Thanks for posting this question. It is a worthwhile discussion for me for all the reasons discussed here.
One thing I have noticed lately is some "shopping" for measuring rates. This is the way a free market works, but it can push rates down to a point where it is hard to justify the effort even as "a hobby that pays".
Sometimes that competition comes to the D.C. region from out of the area. Travelers from other parts of the country charge fees that are lower than we in the D.C area charge. When you consider the difference in the cost of living between say, cities in the Midwest or the South to the D.C region, D.C measurers are paid less than measurers in other areas if they charge the same rates - such as those on your web site. As much as 35% less.
Occasionally I measure in D.C itself, when Bob Thurston is not available (I live close by in Maryland). When you measure anywhere near the U.S. Capitol or the White House, the amount of time you must spend with the authorities in advance of measuring spans a range from non-trivial to daunting, depending on the course in question. I have been detained by police on 4 occasions while measuring despite hours spent ensuring advance notification to all authorities concerned of the exact date, time, purpose, and place of measuring. Coordination between the numerous police forces in D.C. is notoriously lacking. Once I was detained by Capitol Hill Police for 30 minutes. No kidding, I believe it was only the "USATF" on the old course map I had with me that convinced the out-of-the-loop detaining officers that I was who I said I was.
My clients get a professional-quality color map for web posting and a black and white version for printing. Due to the recent discussion here, I intend to start including an elevation profile on my maps(thanks for all the tips).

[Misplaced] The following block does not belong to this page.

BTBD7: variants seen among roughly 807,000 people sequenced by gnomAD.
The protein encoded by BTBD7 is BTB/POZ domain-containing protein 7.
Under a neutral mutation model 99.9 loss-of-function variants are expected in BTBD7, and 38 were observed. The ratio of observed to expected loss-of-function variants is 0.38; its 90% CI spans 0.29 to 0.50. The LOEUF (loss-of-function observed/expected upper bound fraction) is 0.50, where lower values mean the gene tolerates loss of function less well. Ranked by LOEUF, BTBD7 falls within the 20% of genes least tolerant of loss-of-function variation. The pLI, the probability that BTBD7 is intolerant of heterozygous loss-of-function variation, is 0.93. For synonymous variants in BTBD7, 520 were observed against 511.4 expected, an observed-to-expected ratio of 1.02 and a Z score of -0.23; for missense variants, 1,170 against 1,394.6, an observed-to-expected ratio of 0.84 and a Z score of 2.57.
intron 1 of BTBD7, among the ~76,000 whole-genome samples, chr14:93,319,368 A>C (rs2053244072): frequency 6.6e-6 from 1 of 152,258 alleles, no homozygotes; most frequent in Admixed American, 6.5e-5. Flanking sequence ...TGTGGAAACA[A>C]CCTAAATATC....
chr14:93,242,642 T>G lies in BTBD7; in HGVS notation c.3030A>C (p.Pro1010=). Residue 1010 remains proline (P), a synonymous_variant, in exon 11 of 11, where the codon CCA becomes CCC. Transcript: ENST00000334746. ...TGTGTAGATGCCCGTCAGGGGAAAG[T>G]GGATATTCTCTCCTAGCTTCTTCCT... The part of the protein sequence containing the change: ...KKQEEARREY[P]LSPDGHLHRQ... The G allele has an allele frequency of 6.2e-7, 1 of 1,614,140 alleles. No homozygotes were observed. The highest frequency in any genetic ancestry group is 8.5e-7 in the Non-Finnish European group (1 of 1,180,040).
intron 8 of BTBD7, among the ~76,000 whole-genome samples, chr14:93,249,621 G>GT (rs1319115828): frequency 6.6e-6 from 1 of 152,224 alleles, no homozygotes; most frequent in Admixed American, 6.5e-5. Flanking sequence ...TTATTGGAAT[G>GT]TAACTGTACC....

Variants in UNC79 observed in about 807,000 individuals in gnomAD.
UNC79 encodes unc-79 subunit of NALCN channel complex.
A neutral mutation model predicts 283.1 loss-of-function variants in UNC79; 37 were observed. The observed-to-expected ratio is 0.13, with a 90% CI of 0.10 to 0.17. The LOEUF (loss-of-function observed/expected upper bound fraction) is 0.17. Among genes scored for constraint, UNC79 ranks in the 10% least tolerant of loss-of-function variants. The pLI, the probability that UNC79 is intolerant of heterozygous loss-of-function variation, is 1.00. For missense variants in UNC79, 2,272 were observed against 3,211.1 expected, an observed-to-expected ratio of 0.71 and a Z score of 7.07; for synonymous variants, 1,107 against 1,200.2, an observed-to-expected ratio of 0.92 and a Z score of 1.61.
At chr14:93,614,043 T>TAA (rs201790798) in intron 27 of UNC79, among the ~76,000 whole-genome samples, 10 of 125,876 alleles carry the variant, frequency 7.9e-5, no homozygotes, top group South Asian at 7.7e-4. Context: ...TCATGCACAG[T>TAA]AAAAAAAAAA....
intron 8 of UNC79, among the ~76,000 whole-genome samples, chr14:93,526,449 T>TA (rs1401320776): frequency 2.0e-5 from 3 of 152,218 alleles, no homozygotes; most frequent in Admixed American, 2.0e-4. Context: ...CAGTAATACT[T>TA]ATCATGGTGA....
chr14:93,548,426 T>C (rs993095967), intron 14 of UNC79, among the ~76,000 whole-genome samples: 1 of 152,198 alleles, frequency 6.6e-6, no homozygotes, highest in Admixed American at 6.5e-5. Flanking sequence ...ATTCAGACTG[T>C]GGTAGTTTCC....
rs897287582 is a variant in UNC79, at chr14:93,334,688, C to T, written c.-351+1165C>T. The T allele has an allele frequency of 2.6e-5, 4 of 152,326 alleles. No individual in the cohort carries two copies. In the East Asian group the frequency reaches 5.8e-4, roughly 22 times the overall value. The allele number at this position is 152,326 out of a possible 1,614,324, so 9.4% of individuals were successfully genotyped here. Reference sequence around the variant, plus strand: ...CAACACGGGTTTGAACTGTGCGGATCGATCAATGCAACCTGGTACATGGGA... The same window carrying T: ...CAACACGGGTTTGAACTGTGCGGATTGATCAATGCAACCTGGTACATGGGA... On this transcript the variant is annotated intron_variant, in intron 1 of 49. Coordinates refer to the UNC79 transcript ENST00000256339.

My point is that measuring jobs sometimes take a large amount of work relative to the meager fees we charge. I feel we are worth nearly whatever we charge. Furthermore, I think our current fees are almost ridiculously low with the possible exception of that rare 5K on a quiet nearby road whose RD contacts you well in advance of race day. When you think about our fees on a per-hour basis, it is clear that one has to do this as a labor of love.
If I decide to put up a site advertising my service, my rates will definitely be higher than Duane's. If I am asked to travel out of the region to measure - I have not yet done so - I will not lower my rates, nor otherwise intrude into another established measurer's territory.
Originally posted by Duane Russell:
I accept that some measurers are performing their service as a way to "give back" to the running community. I also understand that some make themselves available, for a fee, to any race who needs their course certified, while not actively marketing their service. I am one of those, however, who are actively soliciting measurement opportunities, as a way to have a hobby that pays. While some see this as blasphemous, I see nothing wrong with encouraging a race to offer a better (accurate) product (course) to their participants. With that in mind, I want to get opinions regarding the solicitation of business outside of my residential area.
What I am looking for is comment regarding, for instance, planning a vacation to some distant area, and contacting the races in that area who do not currently use a certified course, to line-up measurements while I am there. This would take planning, but it not infeasible.
If there is no measurer in a town, I don't see a problem. But, if there is a measurer there who does not actively seek to measure non-certified courses, would I be stepping on toes when I contact a race director? It seems to me that if a measurer is not actively seeking measurements with existing races, this is fair game for anyone else to pursue. If I want to do some work while in an area, I can write-off my trip, and still have some relaxation time.
Does anyone see a problem with trying to plan measurements away from where a measurer lives, even if there is currently a measurer nearby?